Don't be too quick to dismiss it as just a college poster exhibition. And don't knock yourself if you find yourself enjoying FAU's exhibit more than, let's say, a show of "important" works by "serious" artists. There's a reason this stuff is appealing — it's advertising, baby. "Graphic Noise: Art at 1,000 Decibels" and "The Graphic Imperative: International Posters for Peace, Social Justice, and the Environment, 1964-2005" demonstrate that the most popular art isn't done on inspiration but on commission... just like in Renaissance times, when artists cranked out religious art for the church. Those with the dough get glorified in art, so it's no surprise that there are nearly five times as many contemporary rock 'n' roll posters for the "Graphic Noise" exhibit (500) than socially conscious ones for its "Graphic Imperative" counterpart (111). Even if you're not a fan of specific bands, you may still fall in love with their promotional artwork. For instance, a beautiful blond woman with her hair in carefree wisps shows off her assets in a clingy black outfit with a plunging neckline in Duran Duran's 2005 Los Angeles concert poster by Tara McPherson. Or maybe you're more into indie-rocker chicks like the one who scrapes her nails down the wall of an art gallery; on her arm, a tattoo of a winged red heart with Elvis written inside it to demonstrate her devotion to Elvis Costello in a poster by Leia Bell that announces his 2005 Salt Lake City show. Unlike the concert posters, the ones designed to help improve the world also provide a bit of a history lesson. For instance, in Lorraine Schneider's 1967 Vietnam War-protest artwork (which was used on a war-protest Mother's Day card sent to the White House), a flower blooms in red and black, and the text decries, "War is not healthy for children and other living things." Some make statements about today's concerns, like the AES Group's New Freedom, a photographic image of the Statue of Liberty dressed in a burqa and holding the Qur'an. Others, like Seymour Chwast's End Bad Breath (1967), which shows Uncle Sam with a mouthful of planes bombing homes, show that some issues have endured. Because many of these posters are silk-screened images, it's also an excellent opportunity to explore the medium. (Through January 27 at Florida Atlantic University's Schmidt Gallery, 555 Glades Rd., Boca Raton. Call 461-297-2661.)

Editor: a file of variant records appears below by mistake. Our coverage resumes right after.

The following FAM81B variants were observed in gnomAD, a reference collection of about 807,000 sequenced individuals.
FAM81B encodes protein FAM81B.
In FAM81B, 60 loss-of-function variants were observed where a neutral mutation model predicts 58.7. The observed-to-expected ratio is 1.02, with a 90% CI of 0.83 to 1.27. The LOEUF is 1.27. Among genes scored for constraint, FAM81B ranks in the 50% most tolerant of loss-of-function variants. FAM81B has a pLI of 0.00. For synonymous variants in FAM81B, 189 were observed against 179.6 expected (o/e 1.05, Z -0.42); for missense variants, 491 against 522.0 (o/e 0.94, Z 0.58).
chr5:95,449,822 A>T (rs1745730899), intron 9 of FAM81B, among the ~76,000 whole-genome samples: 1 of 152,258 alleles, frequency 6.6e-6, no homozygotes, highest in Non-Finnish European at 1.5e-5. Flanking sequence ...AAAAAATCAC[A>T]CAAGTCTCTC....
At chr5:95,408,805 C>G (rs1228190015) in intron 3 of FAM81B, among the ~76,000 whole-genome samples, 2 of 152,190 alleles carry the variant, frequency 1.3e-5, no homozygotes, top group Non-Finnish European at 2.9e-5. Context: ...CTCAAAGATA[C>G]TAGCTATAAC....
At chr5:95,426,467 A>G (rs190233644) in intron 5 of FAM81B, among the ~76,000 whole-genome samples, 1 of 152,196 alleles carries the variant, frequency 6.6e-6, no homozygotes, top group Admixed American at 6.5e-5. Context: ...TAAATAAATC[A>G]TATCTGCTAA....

Nothing like kicking the bucket to make others appreciate a person — and this is doubly true for artists. In May, the death of the Dutch abstract expressionist who helped found an art movement known as CoBrA (an acronym for the initial letters of the founders' cities of origin: Copenhagen, Brussels, and Amsterdam) inspired a Fort Lauderdale exhibit — "Karel Appel: In Memoriam." As far as memorials go, this is an intimate one, comprised of just 11 works from the museum's permanent collection. Despite its size, the exhibit not only honors the artist but provides examples of his work in a variety of media. Though his work may be labeled abstract, it is not strictly so. Even in the ones that come the closest to being nonrepresentational, there is at least the hint of object. Using vivid colors applied in thick swipes and swirls, one untitled, undated oil painting (which is more non-specific than abstract) might be construed as a portrait: dark blue splotches suggest eyes, the rectangle at the bottom could be a mouth. Most works are abstract in the art term's original meaning — the reduction of the subject to a simplified form. The works exhibited have a childlike quality in their simplicity, expressiveness, and playfulness. Big Bird with Child offers an excellent example, where the mixed media piece uses wood to give dimension to the otherwise flat forms. (Through May 1 at Museum of Art/Fort Lauderdale, 1 E. Las Olas Blvd., Ft. Lauderdale. Call 954-525-5500.)

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Marya Summers